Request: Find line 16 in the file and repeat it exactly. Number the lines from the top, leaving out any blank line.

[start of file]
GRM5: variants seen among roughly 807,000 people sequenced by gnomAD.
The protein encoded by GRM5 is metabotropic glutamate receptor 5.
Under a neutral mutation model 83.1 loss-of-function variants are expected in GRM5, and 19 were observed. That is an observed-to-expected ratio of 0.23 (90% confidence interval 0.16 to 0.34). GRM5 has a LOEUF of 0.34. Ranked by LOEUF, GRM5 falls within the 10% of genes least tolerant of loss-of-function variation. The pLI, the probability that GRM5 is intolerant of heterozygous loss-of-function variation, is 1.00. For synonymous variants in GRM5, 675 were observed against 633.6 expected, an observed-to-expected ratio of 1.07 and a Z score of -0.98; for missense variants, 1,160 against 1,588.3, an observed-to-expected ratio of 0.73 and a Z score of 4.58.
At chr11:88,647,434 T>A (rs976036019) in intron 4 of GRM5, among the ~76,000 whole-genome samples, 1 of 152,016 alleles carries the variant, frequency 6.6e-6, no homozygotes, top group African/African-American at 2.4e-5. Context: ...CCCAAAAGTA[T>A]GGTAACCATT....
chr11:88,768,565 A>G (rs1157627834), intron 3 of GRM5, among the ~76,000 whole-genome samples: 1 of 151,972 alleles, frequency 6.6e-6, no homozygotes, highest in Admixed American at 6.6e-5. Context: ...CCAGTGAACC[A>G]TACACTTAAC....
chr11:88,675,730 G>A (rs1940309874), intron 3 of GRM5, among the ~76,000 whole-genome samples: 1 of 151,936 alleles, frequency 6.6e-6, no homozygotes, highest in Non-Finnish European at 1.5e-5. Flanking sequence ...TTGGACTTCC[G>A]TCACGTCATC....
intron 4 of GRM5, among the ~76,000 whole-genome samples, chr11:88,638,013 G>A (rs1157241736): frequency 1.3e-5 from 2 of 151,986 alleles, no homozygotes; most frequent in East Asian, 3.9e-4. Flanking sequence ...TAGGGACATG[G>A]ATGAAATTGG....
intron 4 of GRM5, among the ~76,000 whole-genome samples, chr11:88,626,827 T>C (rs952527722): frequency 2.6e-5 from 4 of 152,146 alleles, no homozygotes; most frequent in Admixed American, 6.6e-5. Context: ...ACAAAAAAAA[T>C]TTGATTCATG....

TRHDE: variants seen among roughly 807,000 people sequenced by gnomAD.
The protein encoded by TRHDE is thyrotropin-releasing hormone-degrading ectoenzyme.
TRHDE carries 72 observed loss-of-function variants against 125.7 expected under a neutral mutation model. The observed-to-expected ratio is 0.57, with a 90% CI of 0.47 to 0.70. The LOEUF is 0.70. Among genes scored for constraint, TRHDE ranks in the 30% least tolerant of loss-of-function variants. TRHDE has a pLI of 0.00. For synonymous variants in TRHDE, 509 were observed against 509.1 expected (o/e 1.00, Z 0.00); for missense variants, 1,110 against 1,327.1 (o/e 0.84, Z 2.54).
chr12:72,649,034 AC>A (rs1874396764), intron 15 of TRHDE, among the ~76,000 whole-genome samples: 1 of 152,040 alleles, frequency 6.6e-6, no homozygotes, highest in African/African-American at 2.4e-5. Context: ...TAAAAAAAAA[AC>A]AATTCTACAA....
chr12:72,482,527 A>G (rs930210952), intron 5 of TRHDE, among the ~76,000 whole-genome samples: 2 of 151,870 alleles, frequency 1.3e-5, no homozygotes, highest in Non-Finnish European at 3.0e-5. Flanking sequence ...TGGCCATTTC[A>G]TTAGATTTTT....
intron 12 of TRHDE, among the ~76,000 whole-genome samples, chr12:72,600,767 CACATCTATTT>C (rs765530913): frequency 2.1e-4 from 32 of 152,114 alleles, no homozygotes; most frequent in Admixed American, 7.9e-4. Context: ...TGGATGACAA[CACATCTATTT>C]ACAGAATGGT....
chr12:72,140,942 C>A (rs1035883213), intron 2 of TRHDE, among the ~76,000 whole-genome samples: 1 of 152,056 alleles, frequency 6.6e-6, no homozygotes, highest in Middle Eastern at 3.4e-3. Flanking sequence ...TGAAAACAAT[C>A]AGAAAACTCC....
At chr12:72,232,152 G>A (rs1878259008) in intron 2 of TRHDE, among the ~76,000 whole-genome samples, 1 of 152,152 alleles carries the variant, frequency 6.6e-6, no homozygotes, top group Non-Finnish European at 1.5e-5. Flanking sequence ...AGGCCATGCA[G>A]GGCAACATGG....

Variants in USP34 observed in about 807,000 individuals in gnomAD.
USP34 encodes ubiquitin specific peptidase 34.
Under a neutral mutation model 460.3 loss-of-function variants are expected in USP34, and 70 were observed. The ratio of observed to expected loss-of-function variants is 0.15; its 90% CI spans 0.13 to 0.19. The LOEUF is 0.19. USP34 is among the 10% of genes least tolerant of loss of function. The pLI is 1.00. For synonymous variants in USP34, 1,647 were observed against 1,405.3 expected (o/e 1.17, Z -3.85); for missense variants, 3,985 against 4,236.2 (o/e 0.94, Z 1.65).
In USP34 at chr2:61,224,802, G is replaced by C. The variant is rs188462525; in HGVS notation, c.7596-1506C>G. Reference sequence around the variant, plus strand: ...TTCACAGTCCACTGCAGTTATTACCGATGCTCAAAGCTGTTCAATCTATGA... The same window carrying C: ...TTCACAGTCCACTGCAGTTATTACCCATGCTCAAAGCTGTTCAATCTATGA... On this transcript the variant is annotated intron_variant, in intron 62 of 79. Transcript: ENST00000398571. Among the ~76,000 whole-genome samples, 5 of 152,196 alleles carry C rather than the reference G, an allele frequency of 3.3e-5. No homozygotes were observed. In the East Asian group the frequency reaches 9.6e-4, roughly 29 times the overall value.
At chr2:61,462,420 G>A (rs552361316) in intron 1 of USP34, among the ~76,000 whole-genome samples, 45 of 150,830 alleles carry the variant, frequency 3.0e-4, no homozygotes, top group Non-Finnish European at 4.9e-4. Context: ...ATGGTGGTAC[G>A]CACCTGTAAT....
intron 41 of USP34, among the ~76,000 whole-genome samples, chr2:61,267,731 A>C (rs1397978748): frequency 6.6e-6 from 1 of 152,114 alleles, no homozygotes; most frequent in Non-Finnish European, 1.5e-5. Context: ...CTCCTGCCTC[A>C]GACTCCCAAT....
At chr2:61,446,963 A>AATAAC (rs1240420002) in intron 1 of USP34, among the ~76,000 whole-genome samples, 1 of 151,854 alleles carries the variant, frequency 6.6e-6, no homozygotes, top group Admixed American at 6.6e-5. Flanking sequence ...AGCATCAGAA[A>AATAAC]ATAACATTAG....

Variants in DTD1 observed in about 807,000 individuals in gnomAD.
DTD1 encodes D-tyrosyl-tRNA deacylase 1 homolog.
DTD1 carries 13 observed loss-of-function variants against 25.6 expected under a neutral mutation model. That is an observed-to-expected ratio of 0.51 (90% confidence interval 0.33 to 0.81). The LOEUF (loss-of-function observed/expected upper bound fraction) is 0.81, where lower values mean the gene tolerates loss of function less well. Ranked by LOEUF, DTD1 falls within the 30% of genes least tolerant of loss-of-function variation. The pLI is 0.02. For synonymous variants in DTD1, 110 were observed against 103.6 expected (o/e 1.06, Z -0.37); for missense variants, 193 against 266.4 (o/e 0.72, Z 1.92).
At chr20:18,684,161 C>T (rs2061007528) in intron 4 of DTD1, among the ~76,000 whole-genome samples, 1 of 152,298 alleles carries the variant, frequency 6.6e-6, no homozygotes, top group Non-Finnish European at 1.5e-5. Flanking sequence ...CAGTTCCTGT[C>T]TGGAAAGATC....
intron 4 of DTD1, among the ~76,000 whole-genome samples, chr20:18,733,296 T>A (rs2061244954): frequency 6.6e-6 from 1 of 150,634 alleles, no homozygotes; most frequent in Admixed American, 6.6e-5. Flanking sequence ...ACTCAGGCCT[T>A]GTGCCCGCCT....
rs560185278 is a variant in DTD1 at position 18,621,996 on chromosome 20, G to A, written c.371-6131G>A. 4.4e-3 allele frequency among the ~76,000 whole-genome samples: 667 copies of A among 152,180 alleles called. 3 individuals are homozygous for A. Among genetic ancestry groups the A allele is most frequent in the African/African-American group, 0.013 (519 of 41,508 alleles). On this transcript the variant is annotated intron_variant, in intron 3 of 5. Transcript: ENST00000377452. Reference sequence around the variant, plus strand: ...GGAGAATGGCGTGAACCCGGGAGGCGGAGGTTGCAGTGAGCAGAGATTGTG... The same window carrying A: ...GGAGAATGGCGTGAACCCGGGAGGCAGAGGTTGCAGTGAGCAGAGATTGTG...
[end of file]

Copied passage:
At chr12:72,232,152 G>A (rs1878259008) in intron 2 of TRHDE, among the ~76,000 whole-genome samples, 1 of 152,152 alleles carries the variant, frequency 6.6e-6, no homozygotes, top group Non-Finnish European at 1.5e-5. Flanking sequence ...AGGCCATGCA[G>A]GGCAACATGG....